Turns out it’s actually quite simple. You only need to launch as many threads as rows and have the kernel “point” its direction.

Here’s a simple kernel that demonstrates how to do such an iteration over a 3D matrix (binary_image). The kernel itself is part of the CCL algorithm I’m implementing but that can safely be ignored :

```
from numba import cuda
@cuda.jit
def kernel_1(binary_image, image_width, s_matrix, labels_matrix):
# notice how we're only getting the row and depth of each thread
row, image_slice = cuda.grid(2)
sm_pos, lm_pos = 0, 0
span_found = False
if row < binary_image.shape[0] and image_slice < binary_image.shape[2]: # guard for rows and slices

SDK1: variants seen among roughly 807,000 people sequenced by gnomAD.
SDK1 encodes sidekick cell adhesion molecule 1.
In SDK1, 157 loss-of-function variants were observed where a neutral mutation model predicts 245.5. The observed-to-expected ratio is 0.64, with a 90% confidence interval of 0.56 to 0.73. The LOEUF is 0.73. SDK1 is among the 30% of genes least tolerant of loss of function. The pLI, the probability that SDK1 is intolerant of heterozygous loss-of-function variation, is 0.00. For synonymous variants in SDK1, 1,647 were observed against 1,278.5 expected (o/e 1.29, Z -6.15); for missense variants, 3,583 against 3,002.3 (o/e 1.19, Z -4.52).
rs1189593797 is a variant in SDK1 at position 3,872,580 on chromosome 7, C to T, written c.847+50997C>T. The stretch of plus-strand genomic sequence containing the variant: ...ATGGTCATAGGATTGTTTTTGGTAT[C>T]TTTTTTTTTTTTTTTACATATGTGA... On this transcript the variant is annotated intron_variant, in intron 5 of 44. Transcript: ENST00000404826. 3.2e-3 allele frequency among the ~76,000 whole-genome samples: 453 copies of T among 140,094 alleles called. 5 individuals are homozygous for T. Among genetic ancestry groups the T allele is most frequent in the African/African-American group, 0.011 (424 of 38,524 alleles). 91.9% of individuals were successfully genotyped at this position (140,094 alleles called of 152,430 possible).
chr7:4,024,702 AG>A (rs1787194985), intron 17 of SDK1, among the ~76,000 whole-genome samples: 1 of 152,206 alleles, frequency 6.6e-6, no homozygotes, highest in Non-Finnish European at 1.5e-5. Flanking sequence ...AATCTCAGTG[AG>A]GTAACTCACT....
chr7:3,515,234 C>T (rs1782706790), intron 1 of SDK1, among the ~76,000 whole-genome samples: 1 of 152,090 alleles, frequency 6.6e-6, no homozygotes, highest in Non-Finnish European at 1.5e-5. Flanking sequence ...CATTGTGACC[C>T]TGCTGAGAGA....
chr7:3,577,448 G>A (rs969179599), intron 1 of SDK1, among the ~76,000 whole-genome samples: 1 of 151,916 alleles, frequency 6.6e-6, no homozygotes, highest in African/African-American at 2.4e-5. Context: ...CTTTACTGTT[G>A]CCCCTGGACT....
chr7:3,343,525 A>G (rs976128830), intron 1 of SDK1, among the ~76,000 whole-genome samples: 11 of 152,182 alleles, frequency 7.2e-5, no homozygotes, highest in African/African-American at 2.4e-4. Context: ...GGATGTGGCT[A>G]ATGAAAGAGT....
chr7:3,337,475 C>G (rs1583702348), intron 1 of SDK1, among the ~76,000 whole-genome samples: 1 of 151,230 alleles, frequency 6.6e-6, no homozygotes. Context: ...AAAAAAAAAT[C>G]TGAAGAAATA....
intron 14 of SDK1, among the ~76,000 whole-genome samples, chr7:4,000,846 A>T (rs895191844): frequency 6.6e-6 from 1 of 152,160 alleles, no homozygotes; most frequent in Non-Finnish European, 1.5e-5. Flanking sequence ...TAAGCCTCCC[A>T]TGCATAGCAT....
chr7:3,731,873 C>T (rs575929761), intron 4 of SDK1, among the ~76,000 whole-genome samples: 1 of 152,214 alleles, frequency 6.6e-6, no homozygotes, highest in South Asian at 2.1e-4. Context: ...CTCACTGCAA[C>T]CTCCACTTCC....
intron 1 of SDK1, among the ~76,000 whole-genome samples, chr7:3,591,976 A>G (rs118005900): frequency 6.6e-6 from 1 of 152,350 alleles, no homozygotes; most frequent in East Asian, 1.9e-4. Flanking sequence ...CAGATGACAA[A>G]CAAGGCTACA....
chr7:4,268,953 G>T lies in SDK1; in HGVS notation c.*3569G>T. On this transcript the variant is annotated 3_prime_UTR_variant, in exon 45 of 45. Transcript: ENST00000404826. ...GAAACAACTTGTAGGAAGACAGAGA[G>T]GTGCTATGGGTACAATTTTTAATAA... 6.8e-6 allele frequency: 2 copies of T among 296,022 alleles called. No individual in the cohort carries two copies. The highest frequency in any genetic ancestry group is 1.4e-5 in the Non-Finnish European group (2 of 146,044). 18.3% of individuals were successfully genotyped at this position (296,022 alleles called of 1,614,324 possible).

# and here's the traversing over the columns
for column in range(binary_image.shape[1]):
if binary_image[row, column, image_slice] == 0:
if not span_found: # Connected Component found
span_found = True
s_matrix[row, sm_pos, image_slice] = column
sm_pos = sm_pos + 1
# converting 2D coordinate to 1D
linearized_index = row * image_width + column
labels_matrix[row, lm_pos, image_slice] = linearized_index
lm_pos = lm_pos + 1
else:
s_matrix[row, sm_pos, image_slice] = column
elif binary_image[row, column, image_slice] == 255 and span_found:
span_found = False
s_matrix[row, sm_pos, image_slice] = column - 1
sm_pos = sm_pos + 1
```